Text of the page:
When I place direct orders are the terms reasonable? Do I receive my product in a timely fashion? If there are problems do they make a reasonable effort to communicate that they care about them and are making an effort to correct them?
I'm willing to trade some of these things for others. I know that sometimes I get things a day quicker through distribution, but ordering direct might come with promos that help me move additional amounts of that product, or a better rate on a demo copy, or other ancillary benefits that make the direct order worth placing. I'm willing to make that trade most of the time.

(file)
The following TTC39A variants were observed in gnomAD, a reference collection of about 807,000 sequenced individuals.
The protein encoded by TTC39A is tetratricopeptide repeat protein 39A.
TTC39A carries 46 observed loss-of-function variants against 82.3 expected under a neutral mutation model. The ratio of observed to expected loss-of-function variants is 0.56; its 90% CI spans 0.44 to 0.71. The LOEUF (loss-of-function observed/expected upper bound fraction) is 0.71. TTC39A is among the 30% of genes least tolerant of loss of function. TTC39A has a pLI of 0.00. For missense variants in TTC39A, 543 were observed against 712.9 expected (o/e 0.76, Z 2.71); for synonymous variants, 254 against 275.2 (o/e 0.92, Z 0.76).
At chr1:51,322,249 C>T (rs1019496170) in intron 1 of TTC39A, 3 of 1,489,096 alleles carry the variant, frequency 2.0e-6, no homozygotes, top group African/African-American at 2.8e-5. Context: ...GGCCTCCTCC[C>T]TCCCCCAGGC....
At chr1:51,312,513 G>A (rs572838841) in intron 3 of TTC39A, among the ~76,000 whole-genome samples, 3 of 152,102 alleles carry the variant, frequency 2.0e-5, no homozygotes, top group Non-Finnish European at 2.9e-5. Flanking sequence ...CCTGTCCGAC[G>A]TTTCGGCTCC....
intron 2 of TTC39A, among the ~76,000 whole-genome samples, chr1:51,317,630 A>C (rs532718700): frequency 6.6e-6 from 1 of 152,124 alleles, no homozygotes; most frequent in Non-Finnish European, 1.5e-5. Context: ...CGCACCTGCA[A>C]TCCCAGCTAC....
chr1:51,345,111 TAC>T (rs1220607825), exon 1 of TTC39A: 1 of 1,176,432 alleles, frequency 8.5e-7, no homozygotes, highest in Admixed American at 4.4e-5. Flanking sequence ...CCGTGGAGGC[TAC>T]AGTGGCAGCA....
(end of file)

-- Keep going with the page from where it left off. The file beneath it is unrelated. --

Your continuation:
The other way in which publishers can prove customer service to me is taking care of customer problems in a timely fashion. If a game has missing pieces or is defective I will do everything I can to make things right for the customer, but how long does it take the publisher to make it right for me?
That matters, that is a matter of customer service.
Part Two of Retail - Publisher partnership talk. What do you think is your duty in the retail partnership?
So the follow-up from Dawn. What do retailers owe publishers as our part of that partnership?
I will learn enough about your products to at least give my customers a rudimentary idea of what they are about. I will go way past that when it comes to product I choose for my demo table, ensuring that I and my staff can teach the game to any interested customers.